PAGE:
110 E. Walnut Street, Oglesby, IL 61348 • 815-883-3389
110 E. Walnut Street, Oglesby, IL 61348 • 815-883-3389

“ICE” In Case of Emergency

May 31, 2010 by Tom Porter
Filed under News from Your City Council

“In Case of Emergency” (ICE) Campaign

In view of recent terrorist events, hurricanes, and winter storms the “In Case of Emergency (ICE)” campaign has been launched worldwide. The idea is to store the word “ICE” in the address book of mobile phones with the name and phone number of the person that should be contacted in the event that the cell phone owner is injured and unable to communicate this information. For more than one contact name and priority, use ICE1, ICE2, ICE3, etc. It’s that simple.

Most people carry mobile phones, but research shows that more than 75% of people carry no details of who they would like contacted following a serious accident. With “ICE” first responders and hospital staff will turn to a victim’s mobile phone address book and know immediately who to contact. When seconds matter, this information may be vital. For example, the emergency contact may be able to provide critical information about the victim’s medical history. Research also suggests people may recover more quickly from the psychological effects of their loved one’s injury if they are involved at an earlier stage in the emergency.

Please think carefully about the “ICE” contact, especially when minors may be involved and this person has to give consent for emergency medical treatment.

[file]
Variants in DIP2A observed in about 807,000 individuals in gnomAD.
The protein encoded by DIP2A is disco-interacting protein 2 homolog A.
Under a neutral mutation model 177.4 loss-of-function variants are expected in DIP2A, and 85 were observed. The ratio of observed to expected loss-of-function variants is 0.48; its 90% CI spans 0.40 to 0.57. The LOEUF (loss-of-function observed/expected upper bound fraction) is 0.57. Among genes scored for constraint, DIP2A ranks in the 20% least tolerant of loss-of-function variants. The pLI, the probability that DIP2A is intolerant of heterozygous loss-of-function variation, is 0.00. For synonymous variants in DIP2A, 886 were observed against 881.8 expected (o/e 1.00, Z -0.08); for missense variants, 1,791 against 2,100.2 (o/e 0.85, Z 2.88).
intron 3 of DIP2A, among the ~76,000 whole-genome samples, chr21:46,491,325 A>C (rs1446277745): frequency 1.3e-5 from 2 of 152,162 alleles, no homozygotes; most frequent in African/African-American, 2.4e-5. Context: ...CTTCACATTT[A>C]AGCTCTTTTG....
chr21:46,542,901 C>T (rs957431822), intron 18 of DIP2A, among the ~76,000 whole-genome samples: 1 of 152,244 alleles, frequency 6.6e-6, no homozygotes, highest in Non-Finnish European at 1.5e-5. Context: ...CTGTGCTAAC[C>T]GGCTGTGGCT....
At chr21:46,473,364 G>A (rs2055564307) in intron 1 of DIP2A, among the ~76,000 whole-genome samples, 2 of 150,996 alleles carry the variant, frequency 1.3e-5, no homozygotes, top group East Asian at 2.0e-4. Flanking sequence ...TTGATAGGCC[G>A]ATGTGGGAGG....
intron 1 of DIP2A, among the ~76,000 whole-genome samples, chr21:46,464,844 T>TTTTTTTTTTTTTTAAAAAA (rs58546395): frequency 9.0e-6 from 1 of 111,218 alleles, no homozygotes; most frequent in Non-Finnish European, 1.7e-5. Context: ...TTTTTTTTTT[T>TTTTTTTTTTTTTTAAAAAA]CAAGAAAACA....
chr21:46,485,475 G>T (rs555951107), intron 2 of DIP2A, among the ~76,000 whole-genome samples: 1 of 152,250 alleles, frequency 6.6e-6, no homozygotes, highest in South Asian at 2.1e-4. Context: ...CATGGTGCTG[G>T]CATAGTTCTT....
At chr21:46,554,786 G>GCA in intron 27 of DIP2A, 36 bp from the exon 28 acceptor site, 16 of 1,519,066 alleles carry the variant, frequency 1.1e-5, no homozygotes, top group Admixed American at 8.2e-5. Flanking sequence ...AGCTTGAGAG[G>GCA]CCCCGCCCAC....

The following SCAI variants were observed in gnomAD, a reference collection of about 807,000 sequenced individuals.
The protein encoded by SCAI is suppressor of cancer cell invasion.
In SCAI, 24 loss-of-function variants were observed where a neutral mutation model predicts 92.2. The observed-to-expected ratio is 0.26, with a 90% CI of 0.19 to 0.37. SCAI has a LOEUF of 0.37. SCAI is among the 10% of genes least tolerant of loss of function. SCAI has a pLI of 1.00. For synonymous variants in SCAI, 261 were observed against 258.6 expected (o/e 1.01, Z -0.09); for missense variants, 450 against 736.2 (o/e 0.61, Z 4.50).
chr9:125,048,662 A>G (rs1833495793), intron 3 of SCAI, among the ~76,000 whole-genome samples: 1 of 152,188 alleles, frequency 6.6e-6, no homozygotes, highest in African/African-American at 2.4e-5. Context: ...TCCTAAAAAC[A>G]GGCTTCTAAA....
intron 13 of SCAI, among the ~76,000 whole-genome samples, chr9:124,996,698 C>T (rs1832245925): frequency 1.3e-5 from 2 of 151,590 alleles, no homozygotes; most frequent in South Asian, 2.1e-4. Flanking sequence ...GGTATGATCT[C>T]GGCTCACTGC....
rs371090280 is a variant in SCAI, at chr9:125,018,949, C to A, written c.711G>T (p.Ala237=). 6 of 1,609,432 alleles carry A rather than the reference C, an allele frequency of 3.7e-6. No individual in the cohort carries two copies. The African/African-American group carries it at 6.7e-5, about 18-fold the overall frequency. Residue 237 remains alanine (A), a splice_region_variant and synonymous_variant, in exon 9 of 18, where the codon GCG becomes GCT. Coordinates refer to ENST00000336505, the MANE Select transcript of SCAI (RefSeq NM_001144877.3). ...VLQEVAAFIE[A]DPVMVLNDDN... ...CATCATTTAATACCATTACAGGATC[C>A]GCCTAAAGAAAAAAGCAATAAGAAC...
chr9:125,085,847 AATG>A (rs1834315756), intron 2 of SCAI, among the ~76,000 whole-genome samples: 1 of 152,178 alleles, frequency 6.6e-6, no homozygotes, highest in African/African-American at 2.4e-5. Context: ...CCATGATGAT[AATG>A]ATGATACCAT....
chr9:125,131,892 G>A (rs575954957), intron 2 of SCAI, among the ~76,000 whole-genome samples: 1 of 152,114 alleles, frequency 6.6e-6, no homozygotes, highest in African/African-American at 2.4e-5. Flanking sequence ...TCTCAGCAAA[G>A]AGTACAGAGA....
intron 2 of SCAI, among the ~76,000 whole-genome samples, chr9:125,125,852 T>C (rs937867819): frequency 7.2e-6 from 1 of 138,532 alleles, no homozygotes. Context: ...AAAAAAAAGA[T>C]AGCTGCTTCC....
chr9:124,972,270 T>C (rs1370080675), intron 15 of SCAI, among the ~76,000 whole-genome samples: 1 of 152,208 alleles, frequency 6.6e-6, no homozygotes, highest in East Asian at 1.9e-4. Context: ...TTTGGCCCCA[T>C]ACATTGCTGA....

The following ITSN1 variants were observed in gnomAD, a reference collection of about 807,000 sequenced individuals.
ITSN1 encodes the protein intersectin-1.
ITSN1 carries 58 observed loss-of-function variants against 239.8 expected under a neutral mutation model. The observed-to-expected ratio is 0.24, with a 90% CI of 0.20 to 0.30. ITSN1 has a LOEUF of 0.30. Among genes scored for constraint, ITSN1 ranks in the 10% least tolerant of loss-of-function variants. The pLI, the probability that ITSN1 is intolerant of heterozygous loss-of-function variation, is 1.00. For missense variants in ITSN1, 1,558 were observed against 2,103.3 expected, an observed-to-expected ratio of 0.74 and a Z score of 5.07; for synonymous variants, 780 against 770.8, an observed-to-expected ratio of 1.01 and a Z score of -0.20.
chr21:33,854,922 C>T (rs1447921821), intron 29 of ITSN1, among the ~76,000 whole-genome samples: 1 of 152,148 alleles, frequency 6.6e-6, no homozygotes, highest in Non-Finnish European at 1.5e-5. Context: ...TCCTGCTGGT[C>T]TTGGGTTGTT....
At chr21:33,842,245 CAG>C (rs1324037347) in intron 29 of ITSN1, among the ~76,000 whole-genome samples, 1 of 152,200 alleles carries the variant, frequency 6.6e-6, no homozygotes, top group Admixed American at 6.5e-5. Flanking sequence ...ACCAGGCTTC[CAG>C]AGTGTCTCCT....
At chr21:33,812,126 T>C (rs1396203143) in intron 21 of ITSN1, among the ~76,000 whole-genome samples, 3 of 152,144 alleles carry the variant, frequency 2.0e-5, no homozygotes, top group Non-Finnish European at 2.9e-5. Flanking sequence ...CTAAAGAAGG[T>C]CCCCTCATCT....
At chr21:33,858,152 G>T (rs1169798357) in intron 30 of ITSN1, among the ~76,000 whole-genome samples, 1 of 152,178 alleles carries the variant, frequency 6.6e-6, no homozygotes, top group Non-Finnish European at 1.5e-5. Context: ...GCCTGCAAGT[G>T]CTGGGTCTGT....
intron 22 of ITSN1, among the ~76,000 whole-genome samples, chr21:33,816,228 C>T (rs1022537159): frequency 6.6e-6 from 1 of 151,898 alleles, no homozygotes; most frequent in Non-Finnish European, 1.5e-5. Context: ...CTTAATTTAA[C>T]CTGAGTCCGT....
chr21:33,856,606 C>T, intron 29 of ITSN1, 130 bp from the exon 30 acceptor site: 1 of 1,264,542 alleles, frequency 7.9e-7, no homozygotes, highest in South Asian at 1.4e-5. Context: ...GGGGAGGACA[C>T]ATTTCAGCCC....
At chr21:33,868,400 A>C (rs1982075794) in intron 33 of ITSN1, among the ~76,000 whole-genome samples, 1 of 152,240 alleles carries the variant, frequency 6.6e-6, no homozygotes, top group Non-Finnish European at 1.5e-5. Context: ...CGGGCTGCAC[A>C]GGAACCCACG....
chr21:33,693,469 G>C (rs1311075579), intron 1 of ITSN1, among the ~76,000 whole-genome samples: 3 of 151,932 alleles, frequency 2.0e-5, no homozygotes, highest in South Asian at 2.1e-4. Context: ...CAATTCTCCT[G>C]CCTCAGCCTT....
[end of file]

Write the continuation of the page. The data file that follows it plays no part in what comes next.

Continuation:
ICE in your Mobile Phone

The original concept, conceived by Cambridge paramedic Bob Brotchie, involved putting the acronym ICE in front of your designated emergency contact. Follow these hints to get the best out of ICE:

Make sure the person whose name and number you are giving has agreed to be your ICE partner.

Make sure your ICE partner has a list of people they should contact on your behalf – including your place of work.

Make sure your ICE person’s number is one that’s easy to contact, for example a home number could be useless in an emergency if the person works full time.

Make sure your ICE partner knows about any medical conditions that could affect your emergency treatment – for example allergies or current medication.

Make sure if you are under 18, your ICE partner is a parent or guardian authorized to make decision on your behalf – for example if you need a life or death operation.

Should your preferred contact be deaf, then type ICETEXT then the name of your contact before saving the number.

Noted Concern:

My phone doesn’t show the callers name any more This will be because your ICE contact number is a duplicate entry of another contact in your phone book. If you have two numbers the same, your phone won’t know which one to display so it will show just the number. To get round this, simply type a * after the number under your ICE contact. It will still work and will cure the caller-ID problem.

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